Mary, the Mother of God, is also the first disciple of her Son, the God-man. She is also the New Eve, whose obedience and gift of her entire being overturns the sin and rebellion of the first Eve. Her Son is the New Adam, who comes to give everlasting, supernatural life and heal the mortal wound inflicted by the sin of the first Adam (cf. 1 Cor 15:45).
The lives and the love of the New Adam and the New Eve fill the season of Advent. Mary quietly and patiently calls all men to Bethlehem to see and worship the Christ Child. Jesus waits for mankind to recognize Him as Lord and Savior. But He doesn't just wait for us; He comes to us. But His coming awaits completion, both in our individual lives and in the life of the world. Which is why James, in today's epistle, writes, " Be patient, brothers and sisters, until the coming of the Lord. . . . . You too must be patient. Make your hearts firm,because the coming of the Lord is at hand" (Jas 5:7-10).
Fr. Daniélou explains beautifully this paradox of Advent, of Jesus having come already and yet coming still:
"We live always during Advent, we are always waiting for the Messiah to come. He has come, but is not yet fully manifest. He is not fully manifest in each of our souls; He is not fully manifest in mankind as a whole; that is to say, that just as Christ was born according to the flesh in Bethlehem of Judea so must He be born according to the spirit in each of our souls."
Although young, poor, and faced with incredible challenges, Mary waited patiently on the promises and the coming of her Lord and Son. The Catechism says that because Mary "gives us Jesus, her son, Mary is Mother of God and our mother; we can entrust all our cares and petitions to her: she prays for us as she prayed for herself: 'Let it be to me according to your word.' By entrusting ourselves to her prayer, we abandon ourselves to the will of God together with her: 'Thy will be done.'" (CCC 2677). That is indeed the perfect prayer, from the perfect woman and mother, for Advent: "Thy will be done."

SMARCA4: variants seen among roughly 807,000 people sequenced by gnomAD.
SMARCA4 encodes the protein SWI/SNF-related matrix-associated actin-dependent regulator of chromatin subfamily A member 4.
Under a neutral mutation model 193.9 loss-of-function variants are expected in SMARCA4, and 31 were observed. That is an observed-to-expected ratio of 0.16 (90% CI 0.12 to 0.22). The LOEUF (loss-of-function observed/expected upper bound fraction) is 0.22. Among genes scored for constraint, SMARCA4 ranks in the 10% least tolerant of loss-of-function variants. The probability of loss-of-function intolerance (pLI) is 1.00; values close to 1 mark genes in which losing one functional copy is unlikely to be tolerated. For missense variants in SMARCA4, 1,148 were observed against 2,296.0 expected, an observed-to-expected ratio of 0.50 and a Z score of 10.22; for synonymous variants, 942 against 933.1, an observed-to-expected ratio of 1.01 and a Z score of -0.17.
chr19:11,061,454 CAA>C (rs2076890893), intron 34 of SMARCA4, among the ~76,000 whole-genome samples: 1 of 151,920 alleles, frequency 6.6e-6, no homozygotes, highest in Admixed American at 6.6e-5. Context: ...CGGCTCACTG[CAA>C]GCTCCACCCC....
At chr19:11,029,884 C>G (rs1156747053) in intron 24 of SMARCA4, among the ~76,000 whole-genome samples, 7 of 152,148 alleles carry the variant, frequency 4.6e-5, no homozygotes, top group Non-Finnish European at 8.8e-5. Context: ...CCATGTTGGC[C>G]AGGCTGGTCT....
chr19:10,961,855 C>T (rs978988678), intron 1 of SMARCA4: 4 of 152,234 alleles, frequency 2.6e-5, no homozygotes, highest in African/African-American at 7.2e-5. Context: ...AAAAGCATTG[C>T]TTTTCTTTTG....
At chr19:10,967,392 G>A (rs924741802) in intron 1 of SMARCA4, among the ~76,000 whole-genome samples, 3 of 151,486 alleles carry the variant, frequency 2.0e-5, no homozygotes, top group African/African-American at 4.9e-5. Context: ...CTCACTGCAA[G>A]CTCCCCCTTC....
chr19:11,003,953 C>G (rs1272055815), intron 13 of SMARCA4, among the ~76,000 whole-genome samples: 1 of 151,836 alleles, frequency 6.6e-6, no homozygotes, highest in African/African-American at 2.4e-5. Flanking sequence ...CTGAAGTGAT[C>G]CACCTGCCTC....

Gods grace redeems the Virgin
The Church recently celebrated the great Feast of the Immaculate Conception, situated to draw Catholics more deeply into the mystery of God's grace, Mary's faith, and the plan of salvation. Although not formally defined as a doctrine of the Catholic Church until 1854 by Pope Pius IX, belief in Mary's sinlessness goes back to the earliest centuries of the Church and is rooted in Scripture, especially the first chapter of Luke's Gospel.
In the encyclical Ineffabilis Deus, Pope Pius IX formally stated the doctrine of the Immaculate Conception:
The most Blessed Virgin Mary was, from the first moment of her conception, by a singular grace and privilege of almighty God and by virtue of the merits of Jesus Christ, Saviour of the human race, preserved immune from all stain of original sin. [135 Pius IX, Ineffabilis Deus (1854); CCC 491]
Although the Eastern Orthodox recognize and celebrate Mary's sinlessness, many Protestants do not. Some, in fact, take great offense with this belief, insisting that it makes light of Jesus' life, death, and resurrection, and that it implies that Mary is more than a creature, perhaps even equal to her Son.